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Backgammon betting levels ?

Started by PlayHunter, January 25, 2012, 02:43:42 AM

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I was wondering about betting levels in real money backgammon:

- What bets you have to make in order to be considered a Low Roller, Medium Roller or High Roller ?

For example, I am intersted to know something like: amounts between 1$->20$ per game/match is considered to be low rolling, 21$ to 100$ per game/match is considered to be medium rolling and anything bigger is considered to be high rolling. That was only my opinion, how about yours ?


Anything $ 25 per point and higher makes you a serious player.

If you're a budding money player I'd worry less about what level roller you're perceived as than determining your comfort and confidence levels. I've played for stakes ranging from $ 1 per point to $ 100 per point, but I always felt my comfort level was in the $ 10 - $ 20 per point range.

Another approach is to figure you'll need a bankroll that equates to 100 points at the agreed on stake. For instance, at $ 10 per point your bankroll should be $ 1000.

Good luck to you.

Robert J Ebbeler


Whatever you choose to play - be very sure to be clear, up front, whether you are playing 'per match/game', or per 'point'...they can be very different!!
Never give up on the things that make you smile


Thank you for sharing your experience Nihilist ! And you are also very right Diane.

For example I set my bet limits to play an amount of 5% (and this is usually between 5-10$) of my cashier balance per point or match game.

Usually I like to play 5 pointers match games, or moneygames. If I choose to play moneygames, then the stakes would be 0.75-6% of balance.

I think the main difference between moneygames and match games is that moneygames have a higer variance effect over your balance, and this is mainly because the stake will vary in a relatively wide range of 1 to 8 units. For example I like to play 5% of my balance no matter if I play in a 5 point match game or in a 9 point one.

As an aside, I saw people playing 250-2000$ (at Play65) per moneygame, but I also saw people playing 200-300$ per 15-21 match point. In my opinion both categories are High Rollers, even the differences betwen the two are HUGE. (refering at money and time spent on it)


I've been much more a money ( per point ) player than a match player. What I could never stand is that, in match play, one bad game can put you in a huge hole that, in my experience, is easier to overcome in a money session.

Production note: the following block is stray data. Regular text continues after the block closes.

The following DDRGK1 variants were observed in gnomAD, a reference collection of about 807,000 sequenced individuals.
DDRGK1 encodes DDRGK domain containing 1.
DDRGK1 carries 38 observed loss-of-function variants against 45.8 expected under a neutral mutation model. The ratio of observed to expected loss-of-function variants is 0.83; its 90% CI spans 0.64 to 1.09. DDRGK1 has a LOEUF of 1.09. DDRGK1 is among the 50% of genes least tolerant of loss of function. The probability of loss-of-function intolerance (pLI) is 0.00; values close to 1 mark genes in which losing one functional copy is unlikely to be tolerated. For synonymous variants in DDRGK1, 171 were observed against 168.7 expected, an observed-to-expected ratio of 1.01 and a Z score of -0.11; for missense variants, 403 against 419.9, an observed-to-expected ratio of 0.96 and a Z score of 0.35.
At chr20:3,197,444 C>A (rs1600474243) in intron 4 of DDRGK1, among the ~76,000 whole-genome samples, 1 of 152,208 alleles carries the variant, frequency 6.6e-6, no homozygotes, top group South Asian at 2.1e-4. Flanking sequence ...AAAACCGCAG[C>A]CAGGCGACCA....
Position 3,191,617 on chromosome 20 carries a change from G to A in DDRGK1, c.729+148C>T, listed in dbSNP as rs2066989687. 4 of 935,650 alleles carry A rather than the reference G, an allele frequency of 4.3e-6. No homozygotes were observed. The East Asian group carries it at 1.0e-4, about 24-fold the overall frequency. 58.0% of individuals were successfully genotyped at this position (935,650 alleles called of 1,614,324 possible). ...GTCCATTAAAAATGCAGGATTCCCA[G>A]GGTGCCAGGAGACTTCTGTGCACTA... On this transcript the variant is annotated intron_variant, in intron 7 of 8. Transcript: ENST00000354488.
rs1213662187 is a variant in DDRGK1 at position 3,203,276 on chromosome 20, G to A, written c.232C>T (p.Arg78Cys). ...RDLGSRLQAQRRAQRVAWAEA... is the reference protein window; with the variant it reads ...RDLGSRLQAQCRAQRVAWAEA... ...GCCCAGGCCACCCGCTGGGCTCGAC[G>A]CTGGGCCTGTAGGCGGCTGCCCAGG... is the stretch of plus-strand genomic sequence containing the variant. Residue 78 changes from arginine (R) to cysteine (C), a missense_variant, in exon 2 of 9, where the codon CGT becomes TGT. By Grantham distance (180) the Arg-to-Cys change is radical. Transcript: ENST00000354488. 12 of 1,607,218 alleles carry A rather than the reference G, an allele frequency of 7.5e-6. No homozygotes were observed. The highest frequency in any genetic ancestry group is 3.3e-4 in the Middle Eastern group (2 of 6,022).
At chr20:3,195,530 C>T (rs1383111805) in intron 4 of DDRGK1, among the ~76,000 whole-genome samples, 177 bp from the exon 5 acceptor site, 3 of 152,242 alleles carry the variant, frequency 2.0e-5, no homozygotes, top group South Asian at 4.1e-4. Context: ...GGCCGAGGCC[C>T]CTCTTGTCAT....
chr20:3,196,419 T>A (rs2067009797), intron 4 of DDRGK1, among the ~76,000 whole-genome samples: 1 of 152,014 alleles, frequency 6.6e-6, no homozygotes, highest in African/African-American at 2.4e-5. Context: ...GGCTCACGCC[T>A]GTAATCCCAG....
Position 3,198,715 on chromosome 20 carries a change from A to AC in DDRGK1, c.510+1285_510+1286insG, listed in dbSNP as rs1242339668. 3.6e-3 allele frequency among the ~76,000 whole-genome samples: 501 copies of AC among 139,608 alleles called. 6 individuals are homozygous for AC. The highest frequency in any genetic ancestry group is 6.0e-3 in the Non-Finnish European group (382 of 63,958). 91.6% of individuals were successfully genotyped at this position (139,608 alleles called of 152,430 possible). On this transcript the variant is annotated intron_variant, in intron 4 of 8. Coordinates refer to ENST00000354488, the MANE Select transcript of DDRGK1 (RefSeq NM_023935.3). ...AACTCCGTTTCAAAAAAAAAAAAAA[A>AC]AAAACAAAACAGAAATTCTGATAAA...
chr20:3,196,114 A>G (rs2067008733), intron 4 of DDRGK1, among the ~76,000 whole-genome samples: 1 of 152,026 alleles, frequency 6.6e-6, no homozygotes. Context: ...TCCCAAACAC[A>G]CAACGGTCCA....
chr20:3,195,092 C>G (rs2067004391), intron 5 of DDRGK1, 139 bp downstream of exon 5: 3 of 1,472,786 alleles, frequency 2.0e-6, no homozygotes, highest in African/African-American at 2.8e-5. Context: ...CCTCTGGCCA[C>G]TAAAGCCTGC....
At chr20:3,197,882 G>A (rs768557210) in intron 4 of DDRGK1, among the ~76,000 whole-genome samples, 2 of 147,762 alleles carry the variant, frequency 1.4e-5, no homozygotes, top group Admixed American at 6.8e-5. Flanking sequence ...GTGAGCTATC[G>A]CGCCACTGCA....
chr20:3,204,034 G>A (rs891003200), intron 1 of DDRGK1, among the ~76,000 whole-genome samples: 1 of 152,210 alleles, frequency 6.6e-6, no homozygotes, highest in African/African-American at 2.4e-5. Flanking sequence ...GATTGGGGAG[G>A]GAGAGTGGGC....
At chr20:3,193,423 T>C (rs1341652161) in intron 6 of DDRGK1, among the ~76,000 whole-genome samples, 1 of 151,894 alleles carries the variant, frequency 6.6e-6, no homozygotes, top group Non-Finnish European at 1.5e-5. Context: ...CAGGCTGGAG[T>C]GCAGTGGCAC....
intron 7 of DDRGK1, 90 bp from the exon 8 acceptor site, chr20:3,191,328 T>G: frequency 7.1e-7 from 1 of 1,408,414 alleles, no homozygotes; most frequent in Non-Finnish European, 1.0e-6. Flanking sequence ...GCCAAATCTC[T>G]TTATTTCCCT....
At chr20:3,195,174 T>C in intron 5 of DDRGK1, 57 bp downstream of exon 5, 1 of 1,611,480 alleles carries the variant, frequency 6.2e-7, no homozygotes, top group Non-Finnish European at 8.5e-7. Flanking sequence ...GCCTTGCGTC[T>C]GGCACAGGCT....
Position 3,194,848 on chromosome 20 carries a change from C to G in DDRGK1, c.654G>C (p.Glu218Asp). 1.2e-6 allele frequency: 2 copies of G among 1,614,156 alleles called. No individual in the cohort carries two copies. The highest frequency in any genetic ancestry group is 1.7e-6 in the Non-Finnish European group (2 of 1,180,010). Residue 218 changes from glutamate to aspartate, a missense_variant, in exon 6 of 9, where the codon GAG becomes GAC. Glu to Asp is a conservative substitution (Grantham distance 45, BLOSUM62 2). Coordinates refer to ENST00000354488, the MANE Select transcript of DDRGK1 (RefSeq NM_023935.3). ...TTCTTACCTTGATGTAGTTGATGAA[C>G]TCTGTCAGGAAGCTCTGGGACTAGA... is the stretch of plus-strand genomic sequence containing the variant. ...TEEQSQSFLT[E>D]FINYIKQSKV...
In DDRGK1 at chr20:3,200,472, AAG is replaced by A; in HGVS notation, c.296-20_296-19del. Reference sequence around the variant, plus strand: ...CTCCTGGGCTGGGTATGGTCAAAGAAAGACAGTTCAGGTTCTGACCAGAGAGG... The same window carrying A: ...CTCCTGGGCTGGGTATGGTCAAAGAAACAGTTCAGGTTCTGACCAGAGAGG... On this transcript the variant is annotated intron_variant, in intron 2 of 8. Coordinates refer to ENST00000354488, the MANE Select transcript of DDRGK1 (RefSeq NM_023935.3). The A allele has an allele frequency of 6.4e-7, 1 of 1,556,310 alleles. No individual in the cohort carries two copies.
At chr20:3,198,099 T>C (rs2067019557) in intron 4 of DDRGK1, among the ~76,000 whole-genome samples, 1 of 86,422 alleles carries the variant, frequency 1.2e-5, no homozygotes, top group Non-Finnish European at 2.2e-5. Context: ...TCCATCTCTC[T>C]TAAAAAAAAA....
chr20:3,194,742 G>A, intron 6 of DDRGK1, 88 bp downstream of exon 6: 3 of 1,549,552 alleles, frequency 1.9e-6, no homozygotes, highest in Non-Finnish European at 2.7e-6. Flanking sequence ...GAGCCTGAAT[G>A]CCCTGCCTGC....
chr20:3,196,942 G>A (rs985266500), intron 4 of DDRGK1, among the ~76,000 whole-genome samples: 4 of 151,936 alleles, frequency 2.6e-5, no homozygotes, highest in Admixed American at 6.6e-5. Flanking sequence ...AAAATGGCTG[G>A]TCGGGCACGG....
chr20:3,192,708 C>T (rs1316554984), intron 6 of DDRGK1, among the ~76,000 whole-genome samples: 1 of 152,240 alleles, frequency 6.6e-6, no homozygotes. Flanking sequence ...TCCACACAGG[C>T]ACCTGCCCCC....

Also, the cube action in money play tends to be more straightforward than in match play since match score, Crawford game, etc, complicate your DOUBLE/TAKE/PASS actions.

Robert J Ebbeler


Bob is incorrect.  He talks about bankroll when he means (or should mean) money available in your pocket.  This is vastly different than bankroll.  I've had sessions where I've lost 100 points to weaker players.  If that was my "bankroll" I'd have been wiped out.

I have run random walk simulation models and found that even if you are a 55% favorite over a head's up opponent you should still expect to lose 1/6 of the time after a 100-game session.

Realistically, your bankroll needs to be much larger than 100 playing units, lest you risk your bankroll.

Bob gets his 100 units from the Kelly Criterion (  In that article you can read that betting less than the 1% of your bankroll is probably a good idea.  The 1% maximizes return but is not practical for real world situations.


From my misspent youth in the poolhalls and craps games of Detroit almost 50 years ago, the term BANKROLL, or BR, referred to what you had in your pocket available to gamble with. In later years, we came to refer to your pocket money as WHIP-OUT, as in " when in doubt, whip it out." Perhaps the vernacular where you grew up was different.

QuoteBob gets his 100 units from the Kelly Criterion

Incorrect, I've never heard of the Kelly Criterion, although one of my Detroit hangouts was a place called KELLY CUE. I'm not sure exactly where I picked the 100 units up. Probably it was the conventional wisdom of the thugs I hung out with back in the day. Probably the most notorious was a guy known as Cornbread Red. Great snooker and nine-ball player whose office was a dump called Woodward Recreation, or The Pit. Google him for his own interesting story.

Robert J Ebbeler


Thank's for sharing the experience! You can easily set up higher limit!